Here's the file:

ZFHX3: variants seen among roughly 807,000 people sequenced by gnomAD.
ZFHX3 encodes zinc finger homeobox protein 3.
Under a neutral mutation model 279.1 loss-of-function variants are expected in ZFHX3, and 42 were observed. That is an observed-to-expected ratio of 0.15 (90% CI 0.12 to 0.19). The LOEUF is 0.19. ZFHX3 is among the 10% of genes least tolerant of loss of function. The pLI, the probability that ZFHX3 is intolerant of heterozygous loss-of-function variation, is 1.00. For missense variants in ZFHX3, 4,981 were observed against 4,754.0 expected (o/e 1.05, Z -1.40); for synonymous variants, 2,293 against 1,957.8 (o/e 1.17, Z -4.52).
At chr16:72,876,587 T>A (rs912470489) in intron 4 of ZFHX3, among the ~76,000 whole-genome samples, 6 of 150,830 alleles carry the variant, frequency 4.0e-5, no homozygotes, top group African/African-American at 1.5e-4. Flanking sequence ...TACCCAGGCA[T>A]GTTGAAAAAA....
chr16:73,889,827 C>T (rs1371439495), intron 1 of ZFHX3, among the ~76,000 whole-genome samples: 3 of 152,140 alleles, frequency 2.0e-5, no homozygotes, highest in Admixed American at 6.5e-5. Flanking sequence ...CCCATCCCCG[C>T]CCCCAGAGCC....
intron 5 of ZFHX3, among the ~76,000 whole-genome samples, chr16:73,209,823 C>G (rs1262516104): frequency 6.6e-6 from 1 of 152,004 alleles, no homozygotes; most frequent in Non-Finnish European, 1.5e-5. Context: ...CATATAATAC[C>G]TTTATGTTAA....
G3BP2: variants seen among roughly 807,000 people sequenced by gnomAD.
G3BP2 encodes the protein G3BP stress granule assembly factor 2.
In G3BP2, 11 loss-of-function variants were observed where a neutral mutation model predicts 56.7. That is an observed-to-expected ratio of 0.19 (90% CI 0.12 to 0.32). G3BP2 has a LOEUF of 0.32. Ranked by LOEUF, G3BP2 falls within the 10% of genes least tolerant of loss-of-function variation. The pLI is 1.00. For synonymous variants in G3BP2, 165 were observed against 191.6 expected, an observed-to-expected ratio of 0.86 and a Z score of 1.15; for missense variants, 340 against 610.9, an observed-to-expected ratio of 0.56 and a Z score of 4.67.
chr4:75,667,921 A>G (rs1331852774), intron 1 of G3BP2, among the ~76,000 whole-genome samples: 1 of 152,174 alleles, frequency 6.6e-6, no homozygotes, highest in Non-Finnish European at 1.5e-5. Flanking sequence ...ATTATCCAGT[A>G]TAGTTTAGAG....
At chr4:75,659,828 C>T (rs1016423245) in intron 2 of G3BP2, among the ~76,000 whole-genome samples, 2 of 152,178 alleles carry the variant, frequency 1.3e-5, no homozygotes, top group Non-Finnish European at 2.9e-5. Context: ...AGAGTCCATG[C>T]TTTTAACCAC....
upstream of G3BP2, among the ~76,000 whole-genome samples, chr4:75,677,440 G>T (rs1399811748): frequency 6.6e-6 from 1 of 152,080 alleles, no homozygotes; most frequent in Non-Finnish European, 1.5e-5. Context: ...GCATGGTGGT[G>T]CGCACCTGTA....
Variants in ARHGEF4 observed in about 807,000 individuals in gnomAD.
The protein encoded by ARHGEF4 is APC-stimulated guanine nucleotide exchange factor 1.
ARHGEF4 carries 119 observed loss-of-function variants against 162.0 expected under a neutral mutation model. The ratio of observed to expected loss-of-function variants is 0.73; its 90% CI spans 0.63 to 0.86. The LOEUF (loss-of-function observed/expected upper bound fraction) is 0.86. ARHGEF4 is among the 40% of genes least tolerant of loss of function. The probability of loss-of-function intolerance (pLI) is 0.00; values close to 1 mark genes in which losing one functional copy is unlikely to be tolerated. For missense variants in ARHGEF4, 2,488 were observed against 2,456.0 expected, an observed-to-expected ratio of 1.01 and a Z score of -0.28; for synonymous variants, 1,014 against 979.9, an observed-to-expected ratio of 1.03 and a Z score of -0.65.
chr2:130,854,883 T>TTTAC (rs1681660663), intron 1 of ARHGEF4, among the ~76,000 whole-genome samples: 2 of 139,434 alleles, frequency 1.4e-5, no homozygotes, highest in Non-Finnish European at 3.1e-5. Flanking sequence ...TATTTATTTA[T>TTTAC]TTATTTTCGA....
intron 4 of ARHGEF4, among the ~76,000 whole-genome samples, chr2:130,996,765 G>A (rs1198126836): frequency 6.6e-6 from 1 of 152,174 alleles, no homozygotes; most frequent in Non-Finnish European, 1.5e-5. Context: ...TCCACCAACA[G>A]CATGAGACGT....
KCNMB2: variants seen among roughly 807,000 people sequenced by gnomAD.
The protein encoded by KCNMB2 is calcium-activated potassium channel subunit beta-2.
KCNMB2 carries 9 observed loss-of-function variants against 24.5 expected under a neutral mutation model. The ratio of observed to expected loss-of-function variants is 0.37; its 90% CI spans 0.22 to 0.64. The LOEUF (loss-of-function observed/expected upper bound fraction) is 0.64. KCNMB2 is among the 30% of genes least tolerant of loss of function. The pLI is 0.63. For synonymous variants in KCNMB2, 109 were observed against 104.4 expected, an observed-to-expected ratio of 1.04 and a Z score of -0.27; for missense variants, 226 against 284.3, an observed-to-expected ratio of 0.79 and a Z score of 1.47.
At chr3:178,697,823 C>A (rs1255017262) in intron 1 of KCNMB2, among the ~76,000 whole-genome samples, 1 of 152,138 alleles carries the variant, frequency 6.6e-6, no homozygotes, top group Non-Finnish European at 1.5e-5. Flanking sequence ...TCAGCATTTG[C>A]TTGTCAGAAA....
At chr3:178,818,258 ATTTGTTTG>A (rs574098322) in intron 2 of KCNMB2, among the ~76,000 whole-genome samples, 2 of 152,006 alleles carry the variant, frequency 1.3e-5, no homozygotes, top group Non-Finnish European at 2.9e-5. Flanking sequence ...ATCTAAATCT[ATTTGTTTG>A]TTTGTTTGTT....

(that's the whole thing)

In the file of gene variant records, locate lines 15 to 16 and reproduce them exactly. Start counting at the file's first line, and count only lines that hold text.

ARHGEF4 carries 119 observed loss-of-function variants against 162.0 expected under a neutral mutation model. The ratio of observed to expected loss-of-function variants is 0.73; its 90% CI spans 0.63 to 0.86. The LOEUF (loss-of-function observed/expected upper bound fraction) is 0.86. ARHGEF4 is among the 40% of genes least tolerant of loss of function. The probability of loss-of-function intolerance (pLI) is 0.00; values close to 1 mark genes in which losing one functional copy is unlikely to be tolerated. For missense variants in ARHGEF4, 2,488 were observed against 2,456.0 expected, an observed-to-expected ratio of 1.01 and a Z score of -0.28; for synonymous variants, 1,014 against 979.9, an observed-to-expected ratio of 1.03 and a Z score of -0.65.
chr2:130,854,883 T>TTTAC (rs1681660663), intron 1 of ARHGEF4, among the ~76,000 whole-genome samples: 2 of 139,434 alleles, frequency 1.4e-5, no homozygotes, highest in Non-Finnish European at 3.1e-5. Flanking sequence ...TATTTATTTA[T>TTTAC]TTATTTTCGA....